Expert tips for a top kitchen
In this extract from The Block judge Darren Palmer’s monthly feature for myLJHooker, the interior designer provides his guide to an attractive and functional kitchen.
Kitchens are the heart of the home and one of the most valuable and functionally important rooms of a property.
I always draw plans to scale and play around with to-scale shapes that represent modules of cupboards or drawers (I favour drawers under bench wherever possible, as you gain access to things more easily giving you more usable storage).
Once you’ve worked out the optimum possible configuration for your storage, look at the triangle rule that most kitchens are created around.
It is important to take into consideration the practical usage components: for example, can you access the fridge; are the sink and cooktop/oven within a step of each other?
I once created a kitchen for a couple where the female owner was 5’9” and the male was 5’2”. Their brief was to have normal benchtop heights for her, but no over bench storage for him. That meant having large banks of drawers running along one wall which gave them ample storage for their plates, glasses, pots and storage.
Another good rule of thumb is to create no less than 1.2m of usable bench space as a block. If you have a galley kitchen and need to put the sink and cooktop in the same bench, position the sink at one end with the cooktop as far away at the other end as practical. Pushing the two inclusions apart will give you the most usable bench space, making your cooking and food preparation experiences easier and more efficient.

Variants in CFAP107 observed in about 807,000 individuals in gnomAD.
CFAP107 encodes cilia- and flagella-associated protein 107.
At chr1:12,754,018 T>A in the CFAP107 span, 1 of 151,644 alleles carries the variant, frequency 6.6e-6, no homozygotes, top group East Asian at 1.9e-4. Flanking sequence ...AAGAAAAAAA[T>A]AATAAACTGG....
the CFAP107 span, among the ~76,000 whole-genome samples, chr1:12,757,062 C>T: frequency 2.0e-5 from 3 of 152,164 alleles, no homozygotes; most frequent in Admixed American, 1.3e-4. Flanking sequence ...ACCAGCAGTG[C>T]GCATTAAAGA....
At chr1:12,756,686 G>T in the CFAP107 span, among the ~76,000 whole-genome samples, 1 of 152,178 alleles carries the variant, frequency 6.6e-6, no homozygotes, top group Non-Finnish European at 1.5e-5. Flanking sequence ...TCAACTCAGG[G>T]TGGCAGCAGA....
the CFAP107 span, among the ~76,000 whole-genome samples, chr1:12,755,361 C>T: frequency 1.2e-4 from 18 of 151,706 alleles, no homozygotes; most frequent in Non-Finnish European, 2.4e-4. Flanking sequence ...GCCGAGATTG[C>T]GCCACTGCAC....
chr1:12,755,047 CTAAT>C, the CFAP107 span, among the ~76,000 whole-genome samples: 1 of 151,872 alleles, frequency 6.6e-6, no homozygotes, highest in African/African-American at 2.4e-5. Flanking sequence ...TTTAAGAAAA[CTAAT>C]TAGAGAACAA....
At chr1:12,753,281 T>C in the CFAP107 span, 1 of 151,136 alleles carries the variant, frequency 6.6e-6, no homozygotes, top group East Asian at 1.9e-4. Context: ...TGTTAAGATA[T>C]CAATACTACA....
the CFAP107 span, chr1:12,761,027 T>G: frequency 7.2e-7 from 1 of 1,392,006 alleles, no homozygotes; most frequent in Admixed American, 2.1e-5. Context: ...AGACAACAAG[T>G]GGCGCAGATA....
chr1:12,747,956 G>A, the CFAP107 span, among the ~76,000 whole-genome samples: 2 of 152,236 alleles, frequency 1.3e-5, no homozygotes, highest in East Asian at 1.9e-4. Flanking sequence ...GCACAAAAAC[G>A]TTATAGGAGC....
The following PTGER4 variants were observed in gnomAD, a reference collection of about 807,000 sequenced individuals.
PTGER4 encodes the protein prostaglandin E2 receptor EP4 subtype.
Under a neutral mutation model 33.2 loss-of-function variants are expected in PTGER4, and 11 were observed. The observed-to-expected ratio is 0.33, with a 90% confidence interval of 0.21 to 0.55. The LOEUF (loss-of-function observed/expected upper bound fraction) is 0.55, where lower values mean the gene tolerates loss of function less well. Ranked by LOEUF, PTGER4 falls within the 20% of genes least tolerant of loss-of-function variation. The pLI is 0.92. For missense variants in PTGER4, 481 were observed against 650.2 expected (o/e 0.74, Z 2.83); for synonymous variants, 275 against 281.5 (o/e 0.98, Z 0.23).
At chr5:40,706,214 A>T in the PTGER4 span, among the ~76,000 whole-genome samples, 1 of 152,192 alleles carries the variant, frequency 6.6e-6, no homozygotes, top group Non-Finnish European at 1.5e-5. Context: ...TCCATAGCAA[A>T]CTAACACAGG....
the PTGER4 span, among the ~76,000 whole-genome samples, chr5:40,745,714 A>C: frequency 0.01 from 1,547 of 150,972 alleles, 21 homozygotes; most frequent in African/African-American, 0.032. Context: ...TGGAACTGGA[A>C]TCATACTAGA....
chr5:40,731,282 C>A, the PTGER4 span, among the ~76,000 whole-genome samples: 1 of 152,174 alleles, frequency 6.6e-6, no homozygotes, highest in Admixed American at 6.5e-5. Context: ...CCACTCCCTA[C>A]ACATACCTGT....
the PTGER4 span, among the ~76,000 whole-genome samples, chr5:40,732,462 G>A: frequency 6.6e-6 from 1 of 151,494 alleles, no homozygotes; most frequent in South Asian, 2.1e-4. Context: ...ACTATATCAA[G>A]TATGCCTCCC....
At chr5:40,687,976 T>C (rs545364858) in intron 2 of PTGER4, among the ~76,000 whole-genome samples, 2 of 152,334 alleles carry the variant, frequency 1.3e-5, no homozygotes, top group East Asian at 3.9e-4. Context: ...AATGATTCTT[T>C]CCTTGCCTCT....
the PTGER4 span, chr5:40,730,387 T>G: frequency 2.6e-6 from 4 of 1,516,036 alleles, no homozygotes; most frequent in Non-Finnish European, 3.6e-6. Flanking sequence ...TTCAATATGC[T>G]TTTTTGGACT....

There are many great internal hardware fittings that make your kitchen more functional too. Pullout pantries are common, but they’re not all created equal. Look at how much food you can actually store with them before deciding.
Appliances play a major role in your kitchen, so if you’re going to spend money somewhere, this is the place. There are many good quality options at each price point, but whatever you decide to use, always buy appliances that can be fully integrated to mask their size and function. If you have too many things that catch your attention you can have a visually cluttered kitchen. It’s best to keep things streamlined and behind closed doors wherever possible.
To read the full article and see how Darren transformed a tired old kitchen into an ultra-modern space go to myljhooker.com.au